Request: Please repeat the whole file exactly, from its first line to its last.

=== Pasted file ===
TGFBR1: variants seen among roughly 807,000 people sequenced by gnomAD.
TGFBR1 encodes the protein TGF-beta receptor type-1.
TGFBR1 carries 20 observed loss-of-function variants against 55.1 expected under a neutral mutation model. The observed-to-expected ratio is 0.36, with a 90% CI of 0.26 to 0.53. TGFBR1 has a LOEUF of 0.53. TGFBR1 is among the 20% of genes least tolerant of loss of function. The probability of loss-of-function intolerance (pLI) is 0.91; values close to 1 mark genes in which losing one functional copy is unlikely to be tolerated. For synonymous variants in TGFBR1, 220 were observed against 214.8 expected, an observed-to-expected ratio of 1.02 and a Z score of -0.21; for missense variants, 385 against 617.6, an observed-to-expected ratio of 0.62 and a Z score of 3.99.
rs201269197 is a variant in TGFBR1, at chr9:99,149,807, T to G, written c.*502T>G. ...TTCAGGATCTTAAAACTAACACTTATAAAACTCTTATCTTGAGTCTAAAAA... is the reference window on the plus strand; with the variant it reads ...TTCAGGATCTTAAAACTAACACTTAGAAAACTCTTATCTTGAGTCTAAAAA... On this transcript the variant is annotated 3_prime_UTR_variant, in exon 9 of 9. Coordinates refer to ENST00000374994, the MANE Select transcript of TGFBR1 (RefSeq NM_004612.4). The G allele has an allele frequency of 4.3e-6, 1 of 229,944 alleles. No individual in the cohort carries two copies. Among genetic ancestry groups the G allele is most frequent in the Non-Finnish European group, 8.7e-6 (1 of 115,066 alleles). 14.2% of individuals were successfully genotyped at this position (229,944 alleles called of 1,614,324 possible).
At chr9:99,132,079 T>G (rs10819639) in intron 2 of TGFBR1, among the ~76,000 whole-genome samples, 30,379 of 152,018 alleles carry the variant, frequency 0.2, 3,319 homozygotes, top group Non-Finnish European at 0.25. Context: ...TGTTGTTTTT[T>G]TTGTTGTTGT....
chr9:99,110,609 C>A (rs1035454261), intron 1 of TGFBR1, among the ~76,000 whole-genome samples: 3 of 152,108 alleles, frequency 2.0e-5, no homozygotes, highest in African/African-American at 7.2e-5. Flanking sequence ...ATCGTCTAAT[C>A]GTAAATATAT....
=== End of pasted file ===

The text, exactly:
TGFBR1: variants seen among roughly 807,000 people sequenced by gnomAD.
TGFBR1 encodes the protein TGF-beta receptor type-1.
TGFBR1 carries 20 observed loss-of-function variants against 55.1 expected under a neutral mutation model. The observed-to-expected ratio is 0.36, with a 90% CI of 0.26 to 0.53. TGFBR1 has a LOEUF of 0.53. TGFBR1 is among the 20% of genes least tolerant of loss of function. The probability of loss-of-function intolerance (pLI) is 0.91; values close to 1 mark genes in which losing one functional copy is unlikely to be tolerated. For synonymous variants in TGFBR1, 220 were observed against 214.8 expected, an observed-to-expected ratio of 1.02 and a Z score of -0.21; for missense variants, 385 against 617.6, an observed-to-expected ratio of 0.62 and a Z score of 3.99.
rs201269197 is a variant in TGFBR1, at chr9:99,149,807, T to G, written c.*502T>G. ...TTCAGGATCTTAAAACTAACACTTATAAAACTCTTATCTTGAGTCTAAAAA... is the reference window on the plus strand; with the variant it reads ...TTCAGGATCTTAAAACTAACACTTAGAAAACTCTTATCTTGAGTCTAAAAA... On this transcript the variant is annotated 3_prime_UTR_variant, in exon 9 of 9. Coordinates refer to ENST00000374994, the MANE Select transcript of TGFBR1 (RefSeq NM_004612.4). The G allele has an allele frequency of 4.3e-6, 1 of 229,944 alleles. No individual in the cohort carries two copies. Among genetic ancestry groups the G allele is most frequent in the Non-Finnish European group, 8.7e-6 (1 of 115,066 alleles). 14.2% of individuals were successfully genotyped at this position (229,944 alleles called of 1,614,324 possible).
At chr9:99,132,079 T>G (rs10819639) in intron 2 of TGFBR1, among the ~76,000 whole-genome samples, 30,379 of 152,018 alleles carry the variant, frequency 0.2, 3,319 homozygotes, top group Non-Finnish European at 0.25. Context: ...TGTTGTTTTT[T>G]TTGTTGTTGT....
chr9:99,110,609 C>A (rs1035454261), intron 1 of TGFBR1, among the ~76,000 whole-genome samples: 3 of 152,108 alleles, frequency 2.0e-5, no homozygotes, highest in African/African-American at 7.2e-5. Flanking sequence ...ATCGTCTAAT[C>A]GTAAATATAT....